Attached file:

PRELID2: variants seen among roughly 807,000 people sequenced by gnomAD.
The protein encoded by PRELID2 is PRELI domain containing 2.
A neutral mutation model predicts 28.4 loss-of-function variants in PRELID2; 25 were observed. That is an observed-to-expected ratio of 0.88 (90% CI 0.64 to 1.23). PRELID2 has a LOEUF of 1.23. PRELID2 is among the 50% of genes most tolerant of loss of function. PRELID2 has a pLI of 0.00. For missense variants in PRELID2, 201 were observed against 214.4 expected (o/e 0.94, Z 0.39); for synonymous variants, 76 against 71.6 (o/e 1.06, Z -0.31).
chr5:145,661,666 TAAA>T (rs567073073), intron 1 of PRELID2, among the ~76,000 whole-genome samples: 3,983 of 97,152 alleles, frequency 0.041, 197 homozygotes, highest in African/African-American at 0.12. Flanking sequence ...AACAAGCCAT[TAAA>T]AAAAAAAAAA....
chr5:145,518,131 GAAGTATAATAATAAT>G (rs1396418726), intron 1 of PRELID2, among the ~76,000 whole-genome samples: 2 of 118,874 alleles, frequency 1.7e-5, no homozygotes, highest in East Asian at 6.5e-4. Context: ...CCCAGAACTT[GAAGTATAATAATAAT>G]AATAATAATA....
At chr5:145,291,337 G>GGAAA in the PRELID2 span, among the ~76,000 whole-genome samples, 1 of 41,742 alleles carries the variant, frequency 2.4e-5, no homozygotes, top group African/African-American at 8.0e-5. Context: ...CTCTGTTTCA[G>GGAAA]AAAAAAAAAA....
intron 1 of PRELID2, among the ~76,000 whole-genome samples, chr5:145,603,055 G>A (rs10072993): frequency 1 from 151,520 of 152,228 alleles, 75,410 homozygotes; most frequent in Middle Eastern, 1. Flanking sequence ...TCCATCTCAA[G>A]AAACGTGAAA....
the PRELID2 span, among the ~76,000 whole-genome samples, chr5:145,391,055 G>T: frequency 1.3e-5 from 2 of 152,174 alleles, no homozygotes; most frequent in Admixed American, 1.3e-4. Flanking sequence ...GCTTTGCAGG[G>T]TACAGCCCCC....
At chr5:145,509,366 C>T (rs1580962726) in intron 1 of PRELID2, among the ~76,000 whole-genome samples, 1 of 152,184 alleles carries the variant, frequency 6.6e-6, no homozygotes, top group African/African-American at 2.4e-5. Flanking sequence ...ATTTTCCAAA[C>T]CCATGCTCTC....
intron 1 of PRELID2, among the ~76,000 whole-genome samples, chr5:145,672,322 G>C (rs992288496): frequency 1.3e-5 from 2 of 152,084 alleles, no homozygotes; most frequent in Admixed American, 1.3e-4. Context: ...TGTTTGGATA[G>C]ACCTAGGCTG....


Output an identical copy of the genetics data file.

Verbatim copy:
PRELID2: variants seen among roughly 807,000 people sequenced by gnomAD.
The protein encoded by PRELID2 is PRELI domain containing 2.
A neutral mutation model predicts 28.4 loss-of-function variants in PRELID2; 25 were observed. That is an observed-to-expected ratio of 0.88 (90% CI 0.64 to 1.23). PRELID2 has a LOEUF of 1.23. PRELID2 is among the 50% of genes most tolerant of loss of function. PRELID2 has a pLI of 0.00. For missense variants in PRELID2, 201 were observed against 214.4 expected (o/e 0.94, Z 0.39); for synonymous variants, 76 against 71.6 (o/e 1.06, Z -0.31).
chr5:145,661,666 TAAA>T (rs567073073), intron 1 of PRELID2, among the ~76,000 whole-genome samples: 3,983 of 97,152 alleles, frequency 0.041, 197 homozygotes, highest in African/African-American at 0.12. Flanking sequence ...AACAAGCCAT[TAAA>T]AAAAAAAAAA....
chr5:145,518,131 GAAGTATAATAATAAT>G (rs1396418726), intron 1 of PRELID2, among the ~76,000 whole-genome samples: 2 of 118,874 alleles, frequency 1.7e-5, no homozygotes, highest in East Asian at 6.5e-4. Context: ...CCCAGAACTT[GAAGTATAATAATAAT>G]AATAATAATA....
At chr5:145,291,337 G>GGAAA in the PRELID2 span, among the ~76,000 whole-genome samples, 1 of 41,742 alleles carries the variant, frequency 2.4e-5, no homozygotes, top group African/African-American at 8.0e-5. Context: ...CTCTGTTTCA[G>GGAAA]AAAAAAAAAA....
intron 1 of PRELID2, among the ~76,000 whole-genome samples, chr5:145,603,055 G>A (rs10072993): frequency 1 from 151,520 of 152,228 alleles, 75,410 homozygotes; most frequent in Middle Eastern, 1. Flanking sequence ...TCCATCTCAA[G>A]AAACGTGAAA....
the PRELID2 span, among the ~76,000 whole-genome samples, chr5:145,391,055 G>T: frequency 1.3e-5 from 2 of 152,174 alleles, no homozygotes; most frequent in Admixed American, 1.3e-4. Flanking sequence ...GCTTTGCAGG[G>T]TACAGCCCCC....
At chr5:145,509,366 C>T (rs1580962726) in intron 1 of PRELID2, among the ~76,000 whole-genome samples, 1 of 152,184 alleles carries the variant, frequency 6.6e-6, no homozygotes, top group African/African-American at 2.4e-5. Flanking sequence ...ATTTTCCAAA[C>T]CCATGCTCTC....
intron 1 of PRELID2, among the ~76,000 whole-genome samples, chr5:145,672,322 G>C (rs992288496): frequency 1.3e-5 from 2 of 152,084 alleles, no homozygotes; most frequent in Admixed American, 1.3e-4. Context: ...TGTTTGGATA[G>C]ACCTAGGCTG....